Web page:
Since many people get married in their mid-to-late 20s, they often bring student loan debt to the marriage. They may have just graduated in the last few years, and they each have loans to pay back. As a married couple, they work together on making those payments.
But what if you get divorced? Then what happens to the debt?
In short, nothing. The debt stays with the person who incurred it in the first place. It is generally considered separate property belonging only to that individual, so their spouse does not have to take responsibility for any portion of those payments.
People sometimes get confused about this because they know that debt from the marriage may belong to both people. If a couple buys a car together, for instance, they may both be responsible for that debt, even if only one person typically drove the car for work. If one person goes back to school and they get more student loans, that may also count as marital debt that gets divided along with the couple's assets.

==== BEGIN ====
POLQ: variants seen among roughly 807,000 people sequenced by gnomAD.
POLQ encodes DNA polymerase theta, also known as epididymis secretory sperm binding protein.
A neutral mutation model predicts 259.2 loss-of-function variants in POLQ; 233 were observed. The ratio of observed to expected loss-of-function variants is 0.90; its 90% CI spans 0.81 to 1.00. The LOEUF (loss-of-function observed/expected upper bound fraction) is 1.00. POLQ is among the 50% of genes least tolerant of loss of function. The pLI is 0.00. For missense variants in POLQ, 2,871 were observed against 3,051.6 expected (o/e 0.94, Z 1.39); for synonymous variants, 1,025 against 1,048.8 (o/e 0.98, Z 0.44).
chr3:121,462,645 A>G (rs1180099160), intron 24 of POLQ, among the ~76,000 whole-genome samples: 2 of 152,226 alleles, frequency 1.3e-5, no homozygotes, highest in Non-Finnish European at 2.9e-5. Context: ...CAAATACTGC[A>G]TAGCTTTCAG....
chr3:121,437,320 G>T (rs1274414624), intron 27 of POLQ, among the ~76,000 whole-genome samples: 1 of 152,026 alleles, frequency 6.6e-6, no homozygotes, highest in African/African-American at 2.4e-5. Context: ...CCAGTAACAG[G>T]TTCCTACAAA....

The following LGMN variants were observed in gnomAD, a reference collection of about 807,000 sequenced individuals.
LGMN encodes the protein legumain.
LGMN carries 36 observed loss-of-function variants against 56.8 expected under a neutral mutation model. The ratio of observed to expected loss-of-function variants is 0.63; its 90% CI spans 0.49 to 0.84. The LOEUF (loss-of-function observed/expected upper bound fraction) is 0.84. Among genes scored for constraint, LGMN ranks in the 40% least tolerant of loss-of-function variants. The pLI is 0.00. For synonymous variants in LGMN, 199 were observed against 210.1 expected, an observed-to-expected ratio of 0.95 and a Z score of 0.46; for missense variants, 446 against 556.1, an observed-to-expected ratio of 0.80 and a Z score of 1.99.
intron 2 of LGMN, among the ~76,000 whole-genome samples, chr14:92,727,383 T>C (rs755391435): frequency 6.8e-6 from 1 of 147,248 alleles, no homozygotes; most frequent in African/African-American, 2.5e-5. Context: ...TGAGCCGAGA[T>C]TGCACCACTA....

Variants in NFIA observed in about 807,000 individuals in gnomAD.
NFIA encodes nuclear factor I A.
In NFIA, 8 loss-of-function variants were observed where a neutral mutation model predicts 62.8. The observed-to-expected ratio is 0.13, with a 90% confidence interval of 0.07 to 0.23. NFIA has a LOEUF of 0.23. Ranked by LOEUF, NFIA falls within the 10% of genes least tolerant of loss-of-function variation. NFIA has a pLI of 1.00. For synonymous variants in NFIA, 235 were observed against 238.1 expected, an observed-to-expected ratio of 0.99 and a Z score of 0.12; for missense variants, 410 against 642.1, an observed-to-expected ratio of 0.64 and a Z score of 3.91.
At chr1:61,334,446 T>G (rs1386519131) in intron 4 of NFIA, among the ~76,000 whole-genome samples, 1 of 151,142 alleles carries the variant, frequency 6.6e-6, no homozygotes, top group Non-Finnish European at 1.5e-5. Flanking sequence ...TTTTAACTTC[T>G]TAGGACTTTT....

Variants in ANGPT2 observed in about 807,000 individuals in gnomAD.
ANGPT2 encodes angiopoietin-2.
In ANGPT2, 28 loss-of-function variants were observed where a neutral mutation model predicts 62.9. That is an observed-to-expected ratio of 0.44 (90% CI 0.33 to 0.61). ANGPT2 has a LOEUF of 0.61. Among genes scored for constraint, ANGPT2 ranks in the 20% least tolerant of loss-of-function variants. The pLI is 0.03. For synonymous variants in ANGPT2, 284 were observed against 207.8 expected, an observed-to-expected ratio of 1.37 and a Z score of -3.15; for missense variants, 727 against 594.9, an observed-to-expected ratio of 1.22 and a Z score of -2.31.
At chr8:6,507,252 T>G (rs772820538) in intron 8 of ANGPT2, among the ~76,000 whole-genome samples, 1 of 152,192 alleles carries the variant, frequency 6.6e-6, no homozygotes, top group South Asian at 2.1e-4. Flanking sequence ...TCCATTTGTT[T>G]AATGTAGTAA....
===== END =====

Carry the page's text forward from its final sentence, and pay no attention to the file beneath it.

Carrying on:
However, that's only true for debt from after the wedding day. It typically does not extend to debt that existed before the two tied the know. One exception is if they have signed a prenup stating that they will both take on the debt. It can also get complicated if they take out more loans to consolidate debt, with some of that debt coming from prior to the marriage.
If you do decide to get divorced, you absolutely want to make sure you know your rights when it comes to the division of debts and assets.